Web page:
House GOP Leader Kevin McCarthy (R-CA) on Monday unveiled the resolution to censure Rep. Maxine Waters (D-CA) over the remarks she made outside of a police station in Brooklyn Center, Minnesota, over the weekend.
The resolution cites Waters’ participation in the protest outside of the Brooklyn Center Police Department on April 17, where she said protesters were looking for a “guilty” verdict in the Derek Chauvin trial. During her remarks, the California Democrat urged activists to “stay on the street” and “get more active” and “more confrontational” if they do not get the verdict they desire.
“Whereas on April 19, 2021, the judge in the trial of Derek Chauvin, Peter Cahill, said in reply to Derek Chauvin’s defense attorney, ‘I’ll give you that Congresswoman Waters may have given you something on appeal that may result in this whole trial being overturned,’” the resolution reads in part.
The resolution also cites Cahill saying, “I wish elected officials would stop talking about this case, especially in a manner that is disrespectful to the rule of law and to the judicial branch and our function.” It goes on:
Now, therefore, be it resolved that Representative Maxine M. Waters of California be censured; Representative Maxine M. Waters forthwith present herself in the well of the House for the pronouncement of censure; and Representative Maxine M. Waters be censured with the public reading of this resolution by the speaker.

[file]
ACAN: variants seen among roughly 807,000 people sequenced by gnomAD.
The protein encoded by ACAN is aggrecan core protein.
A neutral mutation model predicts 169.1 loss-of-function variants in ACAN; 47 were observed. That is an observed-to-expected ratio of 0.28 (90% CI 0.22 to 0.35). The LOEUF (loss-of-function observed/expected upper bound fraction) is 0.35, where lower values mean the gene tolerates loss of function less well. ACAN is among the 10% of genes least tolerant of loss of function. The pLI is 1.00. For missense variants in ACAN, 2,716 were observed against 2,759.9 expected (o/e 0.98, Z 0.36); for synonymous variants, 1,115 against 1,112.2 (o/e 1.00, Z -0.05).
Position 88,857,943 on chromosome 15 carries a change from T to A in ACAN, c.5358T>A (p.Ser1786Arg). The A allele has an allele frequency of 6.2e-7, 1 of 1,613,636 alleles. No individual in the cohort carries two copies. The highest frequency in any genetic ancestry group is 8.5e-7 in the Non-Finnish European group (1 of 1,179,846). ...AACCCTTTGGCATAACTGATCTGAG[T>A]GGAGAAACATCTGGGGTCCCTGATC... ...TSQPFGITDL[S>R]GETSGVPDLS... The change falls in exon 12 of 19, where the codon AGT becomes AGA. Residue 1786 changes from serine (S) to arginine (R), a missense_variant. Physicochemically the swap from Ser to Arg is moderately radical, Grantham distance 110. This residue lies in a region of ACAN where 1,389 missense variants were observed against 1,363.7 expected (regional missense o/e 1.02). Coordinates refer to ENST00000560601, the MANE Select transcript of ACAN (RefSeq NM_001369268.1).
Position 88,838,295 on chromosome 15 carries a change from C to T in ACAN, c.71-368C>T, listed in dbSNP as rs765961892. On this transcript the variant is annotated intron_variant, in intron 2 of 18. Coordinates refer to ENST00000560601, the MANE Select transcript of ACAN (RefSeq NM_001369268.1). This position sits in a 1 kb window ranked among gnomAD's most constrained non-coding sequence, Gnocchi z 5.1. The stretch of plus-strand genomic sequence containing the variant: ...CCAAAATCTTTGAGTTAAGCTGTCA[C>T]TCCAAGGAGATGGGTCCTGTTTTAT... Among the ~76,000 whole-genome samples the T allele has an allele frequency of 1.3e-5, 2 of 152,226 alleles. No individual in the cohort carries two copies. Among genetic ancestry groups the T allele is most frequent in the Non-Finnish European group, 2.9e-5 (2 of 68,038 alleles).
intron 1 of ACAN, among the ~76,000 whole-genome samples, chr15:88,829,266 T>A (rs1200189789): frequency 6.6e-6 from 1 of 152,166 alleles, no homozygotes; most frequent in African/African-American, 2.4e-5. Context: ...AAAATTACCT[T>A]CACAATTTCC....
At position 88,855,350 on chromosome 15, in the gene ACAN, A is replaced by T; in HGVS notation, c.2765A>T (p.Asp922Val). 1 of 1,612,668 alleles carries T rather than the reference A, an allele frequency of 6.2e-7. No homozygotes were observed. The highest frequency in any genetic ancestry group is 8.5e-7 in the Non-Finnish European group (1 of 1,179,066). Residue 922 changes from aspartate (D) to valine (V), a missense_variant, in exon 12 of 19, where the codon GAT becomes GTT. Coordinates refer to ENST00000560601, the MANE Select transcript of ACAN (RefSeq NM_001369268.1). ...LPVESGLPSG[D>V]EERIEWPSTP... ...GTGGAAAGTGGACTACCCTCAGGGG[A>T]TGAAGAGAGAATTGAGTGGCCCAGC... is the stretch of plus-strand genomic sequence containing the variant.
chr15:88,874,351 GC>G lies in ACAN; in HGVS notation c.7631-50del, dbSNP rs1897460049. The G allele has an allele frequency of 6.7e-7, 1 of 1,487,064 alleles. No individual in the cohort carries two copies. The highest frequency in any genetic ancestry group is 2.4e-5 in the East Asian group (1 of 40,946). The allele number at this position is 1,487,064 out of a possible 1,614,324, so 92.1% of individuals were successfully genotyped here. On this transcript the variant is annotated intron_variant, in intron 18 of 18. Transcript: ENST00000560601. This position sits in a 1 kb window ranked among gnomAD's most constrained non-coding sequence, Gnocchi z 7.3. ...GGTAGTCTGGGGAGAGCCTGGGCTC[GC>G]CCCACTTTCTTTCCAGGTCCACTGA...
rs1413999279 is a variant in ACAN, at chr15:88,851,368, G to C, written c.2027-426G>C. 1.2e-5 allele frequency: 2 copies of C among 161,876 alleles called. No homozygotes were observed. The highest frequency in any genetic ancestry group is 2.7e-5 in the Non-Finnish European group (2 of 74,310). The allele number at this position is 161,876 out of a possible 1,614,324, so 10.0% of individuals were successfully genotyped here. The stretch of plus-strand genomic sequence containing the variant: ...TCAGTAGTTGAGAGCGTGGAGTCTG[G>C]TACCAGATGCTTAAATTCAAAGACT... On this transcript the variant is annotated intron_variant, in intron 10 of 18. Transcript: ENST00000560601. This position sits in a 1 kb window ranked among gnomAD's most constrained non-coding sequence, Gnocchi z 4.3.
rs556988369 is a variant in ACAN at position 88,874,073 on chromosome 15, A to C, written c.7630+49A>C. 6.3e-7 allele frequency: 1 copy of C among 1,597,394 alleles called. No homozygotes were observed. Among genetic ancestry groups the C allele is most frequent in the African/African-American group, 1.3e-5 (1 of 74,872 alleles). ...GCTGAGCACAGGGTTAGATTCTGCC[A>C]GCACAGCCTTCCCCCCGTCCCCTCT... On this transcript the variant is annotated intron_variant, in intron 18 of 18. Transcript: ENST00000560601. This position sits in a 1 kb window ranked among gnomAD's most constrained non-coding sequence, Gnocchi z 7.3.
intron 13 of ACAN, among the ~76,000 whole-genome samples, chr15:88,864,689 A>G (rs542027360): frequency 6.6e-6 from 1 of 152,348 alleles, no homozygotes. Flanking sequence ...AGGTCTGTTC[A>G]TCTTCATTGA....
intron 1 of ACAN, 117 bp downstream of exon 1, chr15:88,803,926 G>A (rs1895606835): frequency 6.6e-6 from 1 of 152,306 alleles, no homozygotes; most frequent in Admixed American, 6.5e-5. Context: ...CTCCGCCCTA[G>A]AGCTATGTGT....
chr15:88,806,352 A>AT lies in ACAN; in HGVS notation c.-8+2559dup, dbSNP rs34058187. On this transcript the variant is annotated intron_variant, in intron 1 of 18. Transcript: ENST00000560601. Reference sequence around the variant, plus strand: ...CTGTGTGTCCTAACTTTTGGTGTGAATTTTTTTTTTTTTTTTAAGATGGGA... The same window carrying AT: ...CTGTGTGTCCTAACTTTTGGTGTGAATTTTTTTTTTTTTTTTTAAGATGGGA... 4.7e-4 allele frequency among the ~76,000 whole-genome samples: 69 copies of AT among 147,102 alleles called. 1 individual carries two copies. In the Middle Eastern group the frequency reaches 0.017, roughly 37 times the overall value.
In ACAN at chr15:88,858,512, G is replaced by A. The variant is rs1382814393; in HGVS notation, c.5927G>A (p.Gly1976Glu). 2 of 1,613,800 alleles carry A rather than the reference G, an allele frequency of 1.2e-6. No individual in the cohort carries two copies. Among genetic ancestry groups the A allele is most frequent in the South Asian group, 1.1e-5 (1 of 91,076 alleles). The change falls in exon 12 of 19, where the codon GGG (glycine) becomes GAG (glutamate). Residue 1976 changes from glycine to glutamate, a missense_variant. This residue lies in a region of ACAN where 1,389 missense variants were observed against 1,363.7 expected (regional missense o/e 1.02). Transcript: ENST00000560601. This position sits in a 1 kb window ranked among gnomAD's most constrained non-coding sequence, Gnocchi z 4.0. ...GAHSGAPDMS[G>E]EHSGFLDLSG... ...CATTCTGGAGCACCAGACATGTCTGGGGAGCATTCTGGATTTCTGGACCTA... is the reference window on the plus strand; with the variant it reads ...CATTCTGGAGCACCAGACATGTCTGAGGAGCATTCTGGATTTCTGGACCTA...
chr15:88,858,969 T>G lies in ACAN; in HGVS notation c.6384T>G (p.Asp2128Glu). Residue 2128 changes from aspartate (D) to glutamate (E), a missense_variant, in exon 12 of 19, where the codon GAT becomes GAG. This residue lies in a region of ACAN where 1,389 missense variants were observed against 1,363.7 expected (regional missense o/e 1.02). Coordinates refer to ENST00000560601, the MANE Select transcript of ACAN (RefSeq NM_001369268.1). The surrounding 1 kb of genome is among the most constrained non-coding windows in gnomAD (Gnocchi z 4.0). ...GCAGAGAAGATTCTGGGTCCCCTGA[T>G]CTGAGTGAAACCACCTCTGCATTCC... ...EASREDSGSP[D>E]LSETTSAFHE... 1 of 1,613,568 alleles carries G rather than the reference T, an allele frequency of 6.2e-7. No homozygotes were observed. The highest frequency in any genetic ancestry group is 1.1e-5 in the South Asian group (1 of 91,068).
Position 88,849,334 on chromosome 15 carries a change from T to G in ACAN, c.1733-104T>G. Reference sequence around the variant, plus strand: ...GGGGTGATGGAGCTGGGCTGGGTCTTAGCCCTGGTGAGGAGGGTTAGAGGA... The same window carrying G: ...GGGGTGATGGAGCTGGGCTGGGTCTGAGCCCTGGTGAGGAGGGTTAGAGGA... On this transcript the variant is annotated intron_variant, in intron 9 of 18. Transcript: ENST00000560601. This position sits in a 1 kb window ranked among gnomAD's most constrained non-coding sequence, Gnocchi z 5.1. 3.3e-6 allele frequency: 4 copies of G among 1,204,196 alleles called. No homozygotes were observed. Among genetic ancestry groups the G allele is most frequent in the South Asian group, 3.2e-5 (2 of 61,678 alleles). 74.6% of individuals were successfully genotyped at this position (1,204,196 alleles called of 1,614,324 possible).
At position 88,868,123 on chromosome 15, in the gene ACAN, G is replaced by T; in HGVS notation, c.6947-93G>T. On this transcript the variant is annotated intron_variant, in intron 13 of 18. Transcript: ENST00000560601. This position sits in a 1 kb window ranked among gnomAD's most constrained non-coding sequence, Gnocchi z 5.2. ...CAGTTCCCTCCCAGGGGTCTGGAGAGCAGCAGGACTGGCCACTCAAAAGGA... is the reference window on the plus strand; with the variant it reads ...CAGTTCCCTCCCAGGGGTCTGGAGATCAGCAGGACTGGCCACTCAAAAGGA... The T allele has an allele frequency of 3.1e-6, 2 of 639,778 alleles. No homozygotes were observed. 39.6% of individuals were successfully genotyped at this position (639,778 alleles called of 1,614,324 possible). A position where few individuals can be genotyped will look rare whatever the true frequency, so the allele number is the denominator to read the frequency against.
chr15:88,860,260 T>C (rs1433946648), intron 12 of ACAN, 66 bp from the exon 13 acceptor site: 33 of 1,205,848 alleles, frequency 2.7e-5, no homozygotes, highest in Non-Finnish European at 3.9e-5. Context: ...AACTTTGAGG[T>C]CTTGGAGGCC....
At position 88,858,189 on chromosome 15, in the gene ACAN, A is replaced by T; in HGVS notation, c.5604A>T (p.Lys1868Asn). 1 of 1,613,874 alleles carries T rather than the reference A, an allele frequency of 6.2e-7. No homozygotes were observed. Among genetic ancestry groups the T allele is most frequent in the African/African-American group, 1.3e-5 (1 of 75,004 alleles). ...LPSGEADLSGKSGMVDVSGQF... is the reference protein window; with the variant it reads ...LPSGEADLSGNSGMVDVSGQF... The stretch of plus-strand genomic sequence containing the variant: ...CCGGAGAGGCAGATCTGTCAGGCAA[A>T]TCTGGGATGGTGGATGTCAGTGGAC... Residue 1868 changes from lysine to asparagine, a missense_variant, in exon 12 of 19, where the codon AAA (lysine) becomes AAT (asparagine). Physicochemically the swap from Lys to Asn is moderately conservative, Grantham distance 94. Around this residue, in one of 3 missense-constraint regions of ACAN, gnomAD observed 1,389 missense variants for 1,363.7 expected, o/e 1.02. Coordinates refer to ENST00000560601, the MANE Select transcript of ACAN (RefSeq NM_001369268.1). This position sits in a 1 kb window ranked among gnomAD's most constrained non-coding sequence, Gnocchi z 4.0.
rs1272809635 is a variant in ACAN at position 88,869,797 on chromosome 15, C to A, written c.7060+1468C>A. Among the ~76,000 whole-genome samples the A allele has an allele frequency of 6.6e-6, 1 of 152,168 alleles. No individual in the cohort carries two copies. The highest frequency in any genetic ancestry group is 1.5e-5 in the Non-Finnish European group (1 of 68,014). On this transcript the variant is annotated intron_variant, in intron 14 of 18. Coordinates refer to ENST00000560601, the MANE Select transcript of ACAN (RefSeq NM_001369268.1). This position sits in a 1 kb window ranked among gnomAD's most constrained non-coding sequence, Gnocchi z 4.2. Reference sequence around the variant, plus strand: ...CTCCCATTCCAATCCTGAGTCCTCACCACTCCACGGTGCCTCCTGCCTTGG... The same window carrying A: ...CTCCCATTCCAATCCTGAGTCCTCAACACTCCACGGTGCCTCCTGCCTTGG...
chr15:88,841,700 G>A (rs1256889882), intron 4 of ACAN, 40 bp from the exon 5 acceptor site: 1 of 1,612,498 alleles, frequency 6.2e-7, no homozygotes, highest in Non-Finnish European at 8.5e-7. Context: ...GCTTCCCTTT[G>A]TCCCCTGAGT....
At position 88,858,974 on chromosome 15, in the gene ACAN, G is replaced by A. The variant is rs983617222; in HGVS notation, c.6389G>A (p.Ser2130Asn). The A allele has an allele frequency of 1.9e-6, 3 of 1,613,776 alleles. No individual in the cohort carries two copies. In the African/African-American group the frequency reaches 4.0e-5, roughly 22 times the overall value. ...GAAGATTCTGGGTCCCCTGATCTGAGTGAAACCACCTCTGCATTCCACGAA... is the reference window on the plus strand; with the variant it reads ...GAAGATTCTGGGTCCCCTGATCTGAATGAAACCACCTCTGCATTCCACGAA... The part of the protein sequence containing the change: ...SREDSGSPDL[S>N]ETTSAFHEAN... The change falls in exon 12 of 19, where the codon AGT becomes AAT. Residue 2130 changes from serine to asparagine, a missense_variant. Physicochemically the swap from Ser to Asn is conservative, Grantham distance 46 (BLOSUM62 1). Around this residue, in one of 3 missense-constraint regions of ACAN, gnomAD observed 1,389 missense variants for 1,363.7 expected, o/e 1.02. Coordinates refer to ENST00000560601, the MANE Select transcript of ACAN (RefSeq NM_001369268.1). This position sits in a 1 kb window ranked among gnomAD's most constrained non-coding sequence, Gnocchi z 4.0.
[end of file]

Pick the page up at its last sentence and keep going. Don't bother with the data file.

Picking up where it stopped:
Chairwoman Waters’ actions are beneath the dignity of this institution.
They raised the potential for violence, directed lawlessness, and may have interfered with a co-equal branch of government.
I just introduced this censure resolution to hold her accountable. pic.twitter.com/cGuEFNNqZo
— Kevin McCarthy (@GOPLeader) April 20, 2021
During a House Democrat press conference on Monday, Rep. Hakeem Jeffries (D-NY) dismissed McCarthy’s intention to push for the censure of the Chairwoman of the House Committee on Financial Services, calling it “frivolous.” When asked if he agreed with Waters’ original remarks, Jeffries claimed he was “not that familiar” with them.
“I know she made clear and comment afterward that she supports peaceful protests. Dr. King supported non-violent direct action. That is what House Democrats support,” he added.
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